But if this is a story about storytelling cast through the prism of Spider-Man the Musical, then maybe we should be starting fifty-thousand years ago, back in a time when the world was teeming with Paleolithic ceremonies featuring singing, dancing, and human characters endowed with animal powers. In a large, single-paneled splash page, we would see two prehistoric figures arguing over just how their musical performance is supposed to go. On their hairy faces—anger, exasperation. Why? Because collaboration, by definition, requires humans to interact with each other. Which means every moment in a collaboration quivers with the potential for transcendental connection. And also fury, and hair-tearing frustration, and silences as icy as distant planets. Just look at Lee and Ditko. You think they had a falling-out? Of course they had a falling-out.

Another scene to ink and color: a twenty-first-century living room, somewhere in the United States, or Sweden, or South America. Children have commandeered couch cushions and bathrobes. One of them is pretending to be Spider-Man. By the looks of it, their pretending includes a large cast of characters and an elaborate plot.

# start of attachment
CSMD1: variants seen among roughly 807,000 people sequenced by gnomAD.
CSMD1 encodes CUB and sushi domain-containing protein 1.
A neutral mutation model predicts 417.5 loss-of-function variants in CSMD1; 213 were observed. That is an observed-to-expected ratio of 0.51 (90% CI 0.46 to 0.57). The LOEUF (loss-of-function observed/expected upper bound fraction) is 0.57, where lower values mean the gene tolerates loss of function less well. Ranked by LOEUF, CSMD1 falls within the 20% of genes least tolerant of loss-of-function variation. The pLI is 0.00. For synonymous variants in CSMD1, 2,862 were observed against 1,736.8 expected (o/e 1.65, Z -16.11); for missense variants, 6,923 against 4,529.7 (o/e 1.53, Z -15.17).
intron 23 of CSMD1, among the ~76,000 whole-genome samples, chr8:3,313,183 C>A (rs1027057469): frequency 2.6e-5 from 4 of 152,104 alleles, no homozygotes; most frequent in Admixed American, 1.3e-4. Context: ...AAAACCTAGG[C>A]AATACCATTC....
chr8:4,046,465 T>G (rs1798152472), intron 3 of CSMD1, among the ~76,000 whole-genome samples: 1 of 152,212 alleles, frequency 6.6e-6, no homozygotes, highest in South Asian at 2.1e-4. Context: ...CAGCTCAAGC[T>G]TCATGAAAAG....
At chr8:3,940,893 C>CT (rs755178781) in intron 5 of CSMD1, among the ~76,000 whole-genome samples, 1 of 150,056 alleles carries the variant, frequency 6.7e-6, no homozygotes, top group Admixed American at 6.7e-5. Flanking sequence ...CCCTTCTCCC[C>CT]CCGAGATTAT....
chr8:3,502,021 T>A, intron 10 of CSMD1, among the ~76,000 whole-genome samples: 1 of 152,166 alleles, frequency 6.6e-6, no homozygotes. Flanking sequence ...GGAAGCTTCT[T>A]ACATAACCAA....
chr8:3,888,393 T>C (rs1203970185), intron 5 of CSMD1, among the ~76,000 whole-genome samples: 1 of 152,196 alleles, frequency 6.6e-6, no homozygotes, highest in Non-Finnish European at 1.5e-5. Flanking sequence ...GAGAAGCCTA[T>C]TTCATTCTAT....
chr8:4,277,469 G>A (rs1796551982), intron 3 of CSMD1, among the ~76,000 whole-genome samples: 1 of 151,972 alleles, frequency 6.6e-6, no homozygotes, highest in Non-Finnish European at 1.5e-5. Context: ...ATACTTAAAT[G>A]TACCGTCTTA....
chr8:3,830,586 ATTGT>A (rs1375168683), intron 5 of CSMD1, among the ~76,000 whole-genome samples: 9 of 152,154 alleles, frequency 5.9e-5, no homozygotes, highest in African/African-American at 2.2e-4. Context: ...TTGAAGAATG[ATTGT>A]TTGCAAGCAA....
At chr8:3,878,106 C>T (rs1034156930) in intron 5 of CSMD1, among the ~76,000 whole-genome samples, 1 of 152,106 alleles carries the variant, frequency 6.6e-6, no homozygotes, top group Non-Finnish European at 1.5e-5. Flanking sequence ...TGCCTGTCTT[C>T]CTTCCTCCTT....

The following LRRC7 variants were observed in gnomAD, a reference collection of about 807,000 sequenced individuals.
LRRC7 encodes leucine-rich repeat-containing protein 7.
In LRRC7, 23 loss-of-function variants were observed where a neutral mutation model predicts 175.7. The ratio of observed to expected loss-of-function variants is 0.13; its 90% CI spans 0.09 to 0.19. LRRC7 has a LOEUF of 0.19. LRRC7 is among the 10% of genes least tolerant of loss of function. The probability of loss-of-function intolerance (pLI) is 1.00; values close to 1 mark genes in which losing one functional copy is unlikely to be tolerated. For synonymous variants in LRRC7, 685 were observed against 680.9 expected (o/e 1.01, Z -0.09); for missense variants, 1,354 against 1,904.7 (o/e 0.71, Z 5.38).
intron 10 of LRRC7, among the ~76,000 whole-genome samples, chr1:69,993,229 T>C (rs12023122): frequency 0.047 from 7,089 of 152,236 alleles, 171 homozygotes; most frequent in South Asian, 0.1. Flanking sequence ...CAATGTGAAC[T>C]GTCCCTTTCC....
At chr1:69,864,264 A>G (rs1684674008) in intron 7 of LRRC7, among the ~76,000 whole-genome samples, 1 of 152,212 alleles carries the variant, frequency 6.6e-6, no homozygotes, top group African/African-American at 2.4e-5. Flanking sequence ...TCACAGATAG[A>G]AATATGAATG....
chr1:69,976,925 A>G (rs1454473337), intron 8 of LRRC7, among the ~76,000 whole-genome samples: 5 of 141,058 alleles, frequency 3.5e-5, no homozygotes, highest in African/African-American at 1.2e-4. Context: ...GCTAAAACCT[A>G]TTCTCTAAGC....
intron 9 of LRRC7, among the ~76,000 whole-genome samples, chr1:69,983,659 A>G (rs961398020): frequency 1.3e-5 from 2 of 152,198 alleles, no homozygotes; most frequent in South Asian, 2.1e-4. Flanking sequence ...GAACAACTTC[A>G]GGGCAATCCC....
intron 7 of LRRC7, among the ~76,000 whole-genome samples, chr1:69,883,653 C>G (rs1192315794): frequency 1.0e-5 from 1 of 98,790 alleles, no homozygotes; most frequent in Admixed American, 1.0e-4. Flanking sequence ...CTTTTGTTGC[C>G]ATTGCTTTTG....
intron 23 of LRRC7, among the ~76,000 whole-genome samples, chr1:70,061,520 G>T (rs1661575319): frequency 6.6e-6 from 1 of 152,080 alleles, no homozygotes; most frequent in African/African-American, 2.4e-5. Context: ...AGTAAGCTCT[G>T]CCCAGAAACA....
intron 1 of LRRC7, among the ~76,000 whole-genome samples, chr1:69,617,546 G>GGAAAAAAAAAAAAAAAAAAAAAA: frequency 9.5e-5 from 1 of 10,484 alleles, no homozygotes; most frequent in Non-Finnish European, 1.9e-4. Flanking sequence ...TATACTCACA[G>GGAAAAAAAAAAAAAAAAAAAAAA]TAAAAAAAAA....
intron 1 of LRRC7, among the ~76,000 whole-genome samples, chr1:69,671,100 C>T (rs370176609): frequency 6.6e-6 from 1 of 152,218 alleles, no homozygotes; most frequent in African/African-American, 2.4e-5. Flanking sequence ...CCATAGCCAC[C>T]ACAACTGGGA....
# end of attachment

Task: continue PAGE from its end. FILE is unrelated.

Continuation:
Storytelling. It’s what homo sapiens do. We do it as automatically as a pancreas produces insulin. We’re compelled to codify otherwise-random events into cause and effect. Into patterns. Into narrative. It’s a drive that in part makes humans so human. And it’s a hunger that drove the creators of this confounded musical (as well as its audiences) into spasms of excitement, disappointment, and a few dozen other emotions as the show careened down the long road to its much-delayed opening night.